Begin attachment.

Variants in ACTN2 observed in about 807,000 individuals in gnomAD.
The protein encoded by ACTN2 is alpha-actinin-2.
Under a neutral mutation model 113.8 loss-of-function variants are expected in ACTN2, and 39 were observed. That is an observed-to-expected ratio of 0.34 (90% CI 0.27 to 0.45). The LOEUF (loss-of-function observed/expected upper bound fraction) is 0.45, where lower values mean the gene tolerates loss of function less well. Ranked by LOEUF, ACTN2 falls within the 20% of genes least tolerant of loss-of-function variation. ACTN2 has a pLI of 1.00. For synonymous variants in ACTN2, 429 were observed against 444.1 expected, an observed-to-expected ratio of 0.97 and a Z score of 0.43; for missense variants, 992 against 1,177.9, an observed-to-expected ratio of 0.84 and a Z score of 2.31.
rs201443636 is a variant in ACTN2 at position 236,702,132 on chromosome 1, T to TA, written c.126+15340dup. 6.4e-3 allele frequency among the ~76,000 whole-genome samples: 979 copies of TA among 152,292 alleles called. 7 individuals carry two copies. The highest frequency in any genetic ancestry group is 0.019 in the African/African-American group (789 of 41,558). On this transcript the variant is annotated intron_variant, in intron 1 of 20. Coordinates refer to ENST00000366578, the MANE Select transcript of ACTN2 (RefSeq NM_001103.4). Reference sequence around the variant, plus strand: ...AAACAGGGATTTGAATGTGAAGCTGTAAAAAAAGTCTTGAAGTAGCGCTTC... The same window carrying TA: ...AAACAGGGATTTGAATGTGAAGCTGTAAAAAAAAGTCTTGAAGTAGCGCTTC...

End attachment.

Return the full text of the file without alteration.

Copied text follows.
Variants in ACTN2 observed in about 807,000 individuals in gnomAD.
The protein encoded by ACTN2 is alpha-actinin-2.
Under a neutral mutation model 113.8 loss-of-function variants are expected in ACTN2, and 39 were observed. That is an observed-to-expected ratio of 0.34 (90% CI 0.27 to 0.45). The LOEUF (loss-of-function observed/expected upper bound fraction) is 0.45, where lower values mean the gene tolerates loss of function less well. Ranked by LOEUF, ACTN2 falls within the 20% of genes least tolerant of loss-of-function variation. ACTN2 has a pLI of 1.00. For synonymous variants in ACTN2, 429 were observed against 444.1 expected, an observed-to-expected ratio of 0.97 and a Z score of 0.43; for missense variants, 992 against 1,177.9, an observed-to-expected ratio of 0.84 and a Z score of 2.31.
rs201443636 is a variant in ACTN2 at position 236,702,132 on chromosome 1, T to TA, written c.126+15340dup. 6.4e-3 allele frequency among the ~76,000 whole-genome samples: 979 copies of TA among 152,292 alleles called. 7 individuals carry two copies. The highest frequency in any genetic ancestry group is 0.019 in the African/African-American group (789 of 41,558). On this transcript the variant is annotated intron_variant, in intron 1 of 20. Coordinates refer to ENST00000366578, the MANE Select transcript of ACTN2 (RefSeq NM_001103.4). Reference sequence around the variant, plus strand: ...AAACAGGGATTTGAATGTGAAGCTGTAAAAAAAGTCTTGAAGTAGCGCTTC... The same window carrying TA: ...AAACAGGGATTTGAATGTGAAGCTGTAAAAAAAAGTCTTGAAGTAGCGCTTC...